SUBJECT/S: Live cattle imports; Tasmanian visit; Parliamentary Entitlements.
KIERAN GILBERT:  Now I’m joined from Hobart live by the Shadow Agriculture Minister, Joel Fitzgibbon. Mr Fitzgibbon, thanks for your time. I know you’re in Tasmania for various consultations I’ll get to that in a moment, I just want to ask about a few of the other matters of the day. The Foreign Minister met with her Indonesian colleague last night, that’s a good thing to get that relationship back on an even keel given the events of the last few months and particularly when it comes to the live cattle imports.
JOEL FITZGIBBON, SHADOW MINISTER FOR AGRICULTURE, SHADOW MINISTER FOR RURAL AFFAIRS:  It is a good step, it is one of our most important relationships Kieran that hasn’t enjoyed very good health in the last 12 months or so and we are all keen on working together to get that relationship back on track.
GILBERT:  In terms of those cattle imports though, was that down to a political decision or do you think that was more just a cyclical thing with the quotas and that’s just the way that that industry works?
FITZGIBBON:  There is no doubt Kieran that it is largely driven by internal domestic politics in Indonesia but at the same time it’s why the Australian Government, the Ag Minister in particular, has to be constantly giving care and attention to that relationship, picking up intelligence. It was extraordinary that Barnaby Joyce didn’t see this quota thing coming.  He should have done. He should have been prepared for it and had been proactive in avoiding it, that’s the big problem here.
GILBERT:  Let’s look at why you’re in Tasmania over the next couple of days. It’s traditionally been a strong hold for Labor for a number of years holding every seat in Tasmania but not so much right now. There is a fair bit of rebuilding there for the ALP to do in terms of its brand isn’t there?
FITZGIBBON:  That’s very true Kieran and we are working very hard at that. We’ve established or Bill Shorten has established a Tasmania Taskforce headed by Julie Collins our Shadow Minister for Regional Development and we are having stakeholder meetings today and indeed over the coming months. Anthony Albanese for example was here last week doing the same. We want to learn from locals on the ground about how best to develop policies to capitalise on the opportunities available to Tasmania. We talk about the dining boom for example, this is a great agriculture state yet we do need governments to be showing leadership - providing strategic guidance for the industry - creating an environment for industry and that’s what I’m about this week.

GILBERT:  I know there is a great interest in the Tasmanian market in China for tourism, direct flights in and out of Hobart now and I guess that would feed into that, excuse the pun, the dining boom that you’re talking about.
FITZGIBBON:  Absolutely and tourism is very important to this State and therefore infrastructure is important to Tasmania. The Abbott Government hasn’t developed one new infrastructure project since its election 2 years ago. In stark contrast with what the former Labor Government did.  But projects like the Midlands Irrigation Projects for example can help us build both capacity and push agriculture further up the value chain and you can just see China showing very strong demand for clean green safe product out of Tasmania but we’ve got to lift productivity.  Kevin Rudd and I were down here just prior to the last election announcing a grant for Simplot Growers that is, the growers which supply the Simplot foods, the manufacturing plant.  We need to grow their productivity to ensure that they are internationally competitive.  Unfortunately the Abbott Government canned that productivity plan after the election. I want to revisit some of these things to ensure that Tasmania has the very best chance of capitalising on the dining doom.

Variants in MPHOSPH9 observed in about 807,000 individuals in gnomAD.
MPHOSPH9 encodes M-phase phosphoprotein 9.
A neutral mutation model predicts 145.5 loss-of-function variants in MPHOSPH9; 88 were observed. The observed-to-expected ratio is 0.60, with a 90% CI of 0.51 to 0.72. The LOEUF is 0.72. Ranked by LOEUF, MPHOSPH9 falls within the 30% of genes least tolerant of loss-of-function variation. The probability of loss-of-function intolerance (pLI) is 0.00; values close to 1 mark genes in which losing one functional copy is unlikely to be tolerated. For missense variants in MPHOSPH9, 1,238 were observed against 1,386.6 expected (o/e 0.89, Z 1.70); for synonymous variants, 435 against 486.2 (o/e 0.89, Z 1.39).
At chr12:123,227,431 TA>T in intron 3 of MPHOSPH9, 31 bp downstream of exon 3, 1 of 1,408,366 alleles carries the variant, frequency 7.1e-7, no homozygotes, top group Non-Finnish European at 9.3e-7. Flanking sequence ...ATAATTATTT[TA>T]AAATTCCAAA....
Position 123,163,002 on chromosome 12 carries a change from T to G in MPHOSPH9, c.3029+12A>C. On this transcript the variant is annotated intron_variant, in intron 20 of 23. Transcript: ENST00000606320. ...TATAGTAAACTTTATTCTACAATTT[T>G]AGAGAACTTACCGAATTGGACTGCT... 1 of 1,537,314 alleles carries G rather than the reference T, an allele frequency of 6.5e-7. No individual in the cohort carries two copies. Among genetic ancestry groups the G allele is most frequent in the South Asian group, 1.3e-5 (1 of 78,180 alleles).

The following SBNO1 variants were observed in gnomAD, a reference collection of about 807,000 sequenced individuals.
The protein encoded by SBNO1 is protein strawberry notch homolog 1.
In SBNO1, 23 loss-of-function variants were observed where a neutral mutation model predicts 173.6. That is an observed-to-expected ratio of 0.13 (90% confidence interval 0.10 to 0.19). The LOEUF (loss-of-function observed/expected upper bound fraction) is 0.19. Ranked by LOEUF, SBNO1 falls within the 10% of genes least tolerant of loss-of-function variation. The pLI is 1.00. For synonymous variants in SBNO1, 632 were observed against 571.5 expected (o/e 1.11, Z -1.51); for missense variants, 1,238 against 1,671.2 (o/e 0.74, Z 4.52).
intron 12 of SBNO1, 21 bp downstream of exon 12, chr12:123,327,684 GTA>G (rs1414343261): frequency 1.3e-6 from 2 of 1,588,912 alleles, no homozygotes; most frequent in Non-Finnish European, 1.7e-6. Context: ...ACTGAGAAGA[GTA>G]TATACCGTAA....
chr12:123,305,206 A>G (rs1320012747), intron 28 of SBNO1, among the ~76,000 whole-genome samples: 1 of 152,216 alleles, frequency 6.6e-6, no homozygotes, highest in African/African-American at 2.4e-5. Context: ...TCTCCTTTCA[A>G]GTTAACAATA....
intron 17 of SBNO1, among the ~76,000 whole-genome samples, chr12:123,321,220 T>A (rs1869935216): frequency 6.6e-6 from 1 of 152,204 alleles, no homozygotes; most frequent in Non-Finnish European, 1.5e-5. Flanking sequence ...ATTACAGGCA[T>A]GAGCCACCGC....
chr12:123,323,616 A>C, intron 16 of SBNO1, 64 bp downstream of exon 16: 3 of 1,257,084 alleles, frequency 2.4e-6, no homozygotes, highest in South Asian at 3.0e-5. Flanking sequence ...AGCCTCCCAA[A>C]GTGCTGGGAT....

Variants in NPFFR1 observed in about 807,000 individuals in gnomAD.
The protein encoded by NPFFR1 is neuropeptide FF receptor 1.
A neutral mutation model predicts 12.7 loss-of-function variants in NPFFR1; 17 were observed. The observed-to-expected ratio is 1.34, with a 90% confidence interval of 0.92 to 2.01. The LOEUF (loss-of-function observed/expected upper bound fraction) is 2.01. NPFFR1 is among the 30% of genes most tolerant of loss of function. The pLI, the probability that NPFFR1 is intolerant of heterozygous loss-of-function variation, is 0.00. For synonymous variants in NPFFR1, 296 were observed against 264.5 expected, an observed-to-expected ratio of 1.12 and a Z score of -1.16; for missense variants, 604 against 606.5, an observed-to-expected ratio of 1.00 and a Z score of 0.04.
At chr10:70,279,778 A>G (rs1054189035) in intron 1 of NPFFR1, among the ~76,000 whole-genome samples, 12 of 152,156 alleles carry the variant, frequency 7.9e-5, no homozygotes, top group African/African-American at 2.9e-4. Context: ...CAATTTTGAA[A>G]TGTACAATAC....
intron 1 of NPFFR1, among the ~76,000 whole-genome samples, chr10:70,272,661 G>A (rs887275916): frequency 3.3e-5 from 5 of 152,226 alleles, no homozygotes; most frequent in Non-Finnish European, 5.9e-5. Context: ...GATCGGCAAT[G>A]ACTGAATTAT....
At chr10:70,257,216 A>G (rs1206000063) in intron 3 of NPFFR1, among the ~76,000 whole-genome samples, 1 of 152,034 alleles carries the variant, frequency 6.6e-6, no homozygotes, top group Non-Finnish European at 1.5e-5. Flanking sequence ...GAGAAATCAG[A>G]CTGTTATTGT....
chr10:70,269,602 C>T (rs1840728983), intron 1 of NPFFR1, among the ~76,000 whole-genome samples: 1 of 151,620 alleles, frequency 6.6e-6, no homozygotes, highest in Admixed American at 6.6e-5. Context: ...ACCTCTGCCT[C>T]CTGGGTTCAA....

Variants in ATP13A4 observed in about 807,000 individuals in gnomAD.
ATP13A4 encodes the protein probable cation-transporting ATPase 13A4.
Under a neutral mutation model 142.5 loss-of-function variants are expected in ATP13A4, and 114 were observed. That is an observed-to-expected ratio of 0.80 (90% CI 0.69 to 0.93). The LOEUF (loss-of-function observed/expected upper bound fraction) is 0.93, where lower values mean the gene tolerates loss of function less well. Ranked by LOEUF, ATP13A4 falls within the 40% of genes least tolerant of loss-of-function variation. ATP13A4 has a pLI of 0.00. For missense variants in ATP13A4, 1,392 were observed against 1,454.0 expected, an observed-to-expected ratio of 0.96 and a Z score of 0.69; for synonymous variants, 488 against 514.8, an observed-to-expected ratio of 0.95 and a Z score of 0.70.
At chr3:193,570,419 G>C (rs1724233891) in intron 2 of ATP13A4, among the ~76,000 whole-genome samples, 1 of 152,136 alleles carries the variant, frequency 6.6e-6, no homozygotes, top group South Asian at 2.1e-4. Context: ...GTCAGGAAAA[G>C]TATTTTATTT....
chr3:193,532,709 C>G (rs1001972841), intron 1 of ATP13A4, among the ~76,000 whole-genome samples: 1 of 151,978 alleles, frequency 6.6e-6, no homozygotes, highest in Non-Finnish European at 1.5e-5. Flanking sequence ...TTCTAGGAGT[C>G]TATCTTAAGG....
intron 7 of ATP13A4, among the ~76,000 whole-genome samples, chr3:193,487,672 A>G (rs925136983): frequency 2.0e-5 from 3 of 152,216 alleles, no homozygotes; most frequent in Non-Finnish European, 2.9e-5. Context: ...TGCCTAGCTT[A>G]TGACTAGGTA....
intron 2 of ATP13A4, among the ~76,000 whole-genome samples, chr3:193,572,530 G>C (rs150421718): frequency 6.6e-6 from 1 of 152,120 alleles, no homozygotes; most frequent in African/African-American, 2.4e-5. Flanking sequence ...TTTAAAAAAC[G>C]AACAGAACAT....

GILBERT:  And finally I need to ask you about the expenses controversy. I’m looking at the Daily Telegraph here –
FITZGIBBON:  Oh course you do [laughs] -
GILBERT:  On page 4 and 5 you’ve got stories about Joe Hockey, Tony Burke, Brendan O’Connor, Sarah Hanson-Young, it’s a sign that its basically mutually assured destruction if you keep going along this line in terms of attacking the Coalition. Is Tony Burke finding a bit of that with this heat and this accusation that he is a hypocrite by Liberal front-benchers in terms of him leading the charge against Bronwyn Bishop. 
FITZGIBBON:  And I think in almost all of these cases if not all - although I think Bronwyn Bishop’s example pushed the envelope a little - I think in almost all cases these claims were made within entitlement and I think that’s where Tony Abbott’s review has to be most forensic.  Maybe it’s time we attempted to codify these entitlements so people can clearly read yes or no on whether a trip they are about to make is within those entitlements.
GILBERT:  Ok Joel Fitzgibbon we are out of time, appreciated but live from Hobart, a quick break back in just a moment with Jim Chalmers and Kelly O’Dwyer.

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